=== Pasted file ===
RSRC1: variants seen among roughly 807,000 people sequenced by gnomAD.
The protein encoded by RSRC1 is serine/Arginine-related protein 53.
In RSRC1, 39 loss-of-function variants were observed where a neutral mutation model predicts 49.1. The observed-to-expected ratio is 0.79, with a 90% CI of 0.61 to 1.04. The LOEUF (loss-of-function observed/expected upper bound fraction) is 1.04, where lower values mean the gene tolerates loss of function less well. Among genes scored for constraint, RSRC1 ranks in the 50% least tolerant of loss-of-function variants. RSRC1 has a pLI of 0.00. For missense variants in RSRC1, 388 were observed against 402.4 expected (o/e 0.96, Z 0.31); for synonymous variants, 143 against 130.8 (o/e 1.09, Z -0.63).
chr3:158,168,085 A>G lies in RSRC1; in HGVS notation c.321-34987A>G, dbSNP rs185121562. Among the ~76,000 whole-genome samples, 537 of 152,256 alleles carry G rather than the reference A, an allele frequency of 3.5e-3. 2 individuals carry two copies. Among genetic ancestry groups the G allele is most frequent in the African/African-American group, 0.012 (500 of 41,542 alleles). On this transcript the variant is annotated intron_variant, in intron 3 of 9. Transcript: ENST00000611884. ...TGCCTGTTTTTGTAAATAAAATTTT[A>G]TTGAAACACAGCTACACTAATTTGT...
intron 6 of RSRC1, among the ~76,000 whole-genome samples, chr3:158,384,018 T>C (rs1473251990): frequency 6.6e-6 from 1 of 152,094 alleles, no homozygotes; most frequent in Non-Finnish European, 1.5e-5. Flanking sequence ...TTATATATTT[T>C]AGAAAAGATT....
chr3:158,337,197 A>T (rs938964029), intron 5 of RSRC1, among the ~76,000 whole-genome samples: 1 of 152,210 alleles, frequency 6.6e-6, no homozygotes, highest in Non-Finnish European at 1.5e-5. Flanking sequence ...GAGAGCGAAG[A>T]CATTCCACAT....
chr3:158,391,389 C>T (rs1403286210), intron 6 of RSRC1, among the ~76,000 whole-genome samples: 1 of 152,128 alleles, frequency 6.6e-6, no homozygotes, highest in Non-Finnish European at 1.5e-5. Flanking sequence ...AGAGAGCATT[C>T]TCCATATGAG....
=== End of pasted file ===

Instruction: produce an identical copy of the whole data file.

RSRC1: variants seen among roughly 807,000 people sequenced by gnomAD.
The protein encoded by RSRC1 is serine/Arginine-related protein 53.
In RSRC1, 39 loss-of-function variants were observed where a neutral mutation model predicts 49.1. The observed-to-expected ratio is 0.79, with a 90% CI of 0.61 to 1.04. The LOEUF (loss-of-function observed/expected upper bound fraction) is 1.04, where lower values mean the gene tolerates loss of function less well. Among genes scored for constraint, RSRC1 ranks in the 50% least tolerant of loss-of-function variants. RSRC1 has a pLI of 0.00. For missense variants in RSRC1, 388 were observed against 402.4 expected (o/e 0.96, Z 0.31); for synonymous variants, 143 against 130.8 (o/e 1.09, Z -0.63).
chr3:158,168,085 A>G lies in RSRC1; in HGVS notation c.321-34987A>G, dbSNP rs185121562. Among the ~76,000 whole-genome samples, 537 of 152,256 alleles carry G rather than the reference A, an allele frequency of 3.5e-3. 2 individuals carry two copies. Among genetic ancestry groups the G allele is most frequent in the African/African-American group, 0.012 (500 of 41,542 alleles). On this transcript the variant is annotated intron_variant, in intron 3 of 9. Transcript: ENST00000611884. ...TGCCTGTTTTTGTAAATAAAATTTT[A>G]TTGAAACACAGCTACACTAATTTGT...
intron 6 of RSRC1, among the ~76,000 whole-genome samples, chr3:158,384,018 T>C (rs1473251990): frequency 6.6e-6 from 1 of 152,094 alleles, no homozygotes; most frequent in Non-Finnish European, 1.5e-5. Flanking sequence ...TTATATATTT[T>C]AGAAAAGATT....
chr3:158,337,197 A>T (rs938964029), intron 5 of RSRC1, among the ~76,000 whole-genome samples: 1 of 152,210 alleles, frequency 6.6e-6, no homozygotes, highest in Non-Finnish European at 1.5e-5. Flanking sequence ...GAGAGCGAAG[A>T]CATTCCACAT....
chr3:158,391,389 C>T (rs1403286210), intron 6 of RSRC1, among the ~76,000 whole-genome samples: 1 of 152,128 alleles, frequency 6.6e-6, no homozygotes, highest in Non-Finnish European at 1.5e-5. Flanking sequence ...AGAGAGCATT[C>T]TCCATATGAG....